Mike Fleming

UPDATE: Inferno’s Bill Johnson forwarded a press release which better explains why the company filed Chapter 11. According to the release, the company can continue to do business unimpeded, and the move was to protect part of the company from a judgment involving the 2005 film Just Friends. Release is below story.

EARLIER, 8:02 PM: The fall festivals, including the Toronto Film Festival, are filled with so much promise of films that are up for grabs for distributors, producers and financiers. It is important to proceed in a sober fashion. The Wall Street Journal reports that Inferno, one of the hot new production and financing companies, has filed Chapter 11. They helped finance the Brad Pitt-starrer Killing Them Softly, which was directed by Chopper helmer Andrew Dominik. Inferno explains they are sorting things out, but this makes you respect the companies like Sony Pictures Classics, which manage to proceed at a slow but steady pace, year after year, running it like a business, squeezing every dollar out of the films they distribute, and not over reaching like so many upstart companies seem to do. I’d hoped that Inferno would earn a place at the table as a viable new player, but this certainly doesn’t help. Chapter 11 is by no means fatal, but it is serious.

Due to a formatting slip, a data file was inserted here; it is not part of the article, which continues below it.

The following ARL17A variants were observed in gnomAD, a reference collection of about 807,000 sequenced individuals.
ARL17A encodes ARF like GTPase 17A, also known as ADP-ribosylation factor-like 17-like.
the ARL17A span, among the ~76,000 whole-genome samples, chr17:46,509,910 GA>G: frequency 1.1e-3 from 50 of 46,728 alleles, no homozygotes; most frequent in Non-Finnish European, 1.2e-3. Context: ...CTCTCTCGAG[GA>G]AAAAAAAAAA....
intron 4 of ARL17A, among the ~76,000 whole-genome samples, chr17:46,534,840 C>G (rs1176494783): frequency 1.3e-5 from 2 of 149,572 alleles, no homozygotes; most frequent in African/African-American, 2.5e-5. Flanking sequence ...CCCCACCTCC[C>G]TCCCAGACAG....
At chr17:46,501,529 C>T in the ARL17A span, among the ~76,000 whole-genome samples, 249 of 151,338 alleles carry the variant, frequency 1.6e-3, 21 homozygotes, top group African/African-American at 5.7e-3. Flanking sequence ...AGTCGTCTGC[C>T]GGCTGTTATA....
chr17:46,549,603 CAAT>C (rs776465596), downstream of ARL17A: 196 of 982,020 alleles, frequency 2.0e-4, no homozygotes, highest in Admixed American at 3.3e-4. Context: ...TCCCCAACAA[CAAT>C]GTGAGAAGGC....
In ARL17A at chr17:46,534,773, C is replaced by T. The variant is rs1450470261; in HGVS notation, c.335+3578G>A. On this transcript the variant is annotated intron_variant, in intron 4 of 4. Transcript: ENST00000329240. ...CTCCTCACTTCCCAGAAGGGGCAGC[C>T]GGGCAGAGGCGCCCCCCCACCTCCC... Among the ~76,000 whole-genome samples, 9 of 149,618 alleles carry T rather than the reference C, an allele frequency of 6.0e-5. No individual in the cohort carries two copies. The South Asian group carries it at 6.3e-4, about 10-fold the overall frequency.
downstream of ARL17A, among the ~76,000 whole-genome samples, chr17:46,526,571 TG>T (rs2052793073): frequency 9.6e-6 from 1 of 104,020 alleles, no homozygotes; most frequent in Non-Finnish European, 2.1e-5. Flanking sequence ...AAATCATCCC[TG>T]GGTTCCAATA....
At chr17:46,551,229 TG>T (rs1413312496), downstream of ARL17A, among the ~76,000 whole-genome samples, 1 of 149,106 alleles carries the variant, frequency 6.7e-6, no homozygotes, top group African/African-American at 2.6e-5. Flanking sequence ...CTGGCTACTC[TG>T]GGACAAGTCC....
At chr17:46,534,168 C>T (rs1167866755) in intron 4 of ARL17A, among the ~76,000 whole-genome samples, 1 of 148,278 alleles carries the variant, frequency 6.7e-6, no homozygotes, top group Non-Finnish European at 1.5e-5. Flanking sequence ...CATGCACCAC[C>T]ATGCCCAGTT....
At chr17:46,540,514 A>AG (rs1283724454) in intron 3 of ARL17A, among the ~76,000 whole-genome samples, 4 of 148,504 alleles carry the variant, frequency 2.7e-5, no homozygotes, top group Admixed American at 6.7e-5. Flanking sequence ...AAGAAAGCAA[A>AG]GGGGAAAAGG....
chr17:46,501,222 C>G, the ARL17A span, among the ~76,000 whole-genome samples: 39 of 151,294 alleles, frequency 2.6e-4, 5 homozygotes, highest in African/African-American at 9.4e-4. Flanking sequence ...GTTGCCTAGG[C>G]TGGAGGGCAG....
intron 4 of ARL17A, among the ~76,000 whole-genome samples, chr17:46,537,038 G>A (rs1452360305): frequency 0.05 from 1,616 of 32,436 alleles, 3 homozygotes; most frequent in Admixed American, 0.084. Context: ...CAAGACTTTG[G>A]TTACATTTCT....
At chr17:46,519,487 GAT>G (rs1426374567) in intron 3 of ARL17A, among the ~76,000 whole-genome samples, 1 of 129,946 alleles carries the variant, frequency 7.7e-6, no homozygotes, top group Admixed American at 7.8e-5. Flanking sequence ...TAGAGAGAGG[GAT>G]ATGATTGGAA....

On Friday, August 24, 2012, Inferno Distribution, LLC and Inferno International, LLC commenced Chapter 11 cases in Los Angeles California to allow them to continue to operate those businesses while restructuring their obligations. While business and prospects remain strong for those entities, in late 2011 a large judgment was entered against Distribution and International related to the 2005 film Just Friends, on which Distribution acted as foreign sales agent. The central issue in the case is who was responsible for financial losses when a producer of the film who was hired by a German tax fund, not by Distribution or International, absconded with millions of dollars received from Canadian tax credits. Both Distribution and International strongly disagree with the Court’s ruling and have appealed. The filings were necessary to protect the value of the companies and to restructure operations in those entities while the appeal can be decided.

These cases do not affect any other entities, including Inferno Films and Inferno Features, which did not file for Chapter 11 protection. Both Distribution and International will continue to operate while under the Chapter 11 protection for the benefit of all interested parties.

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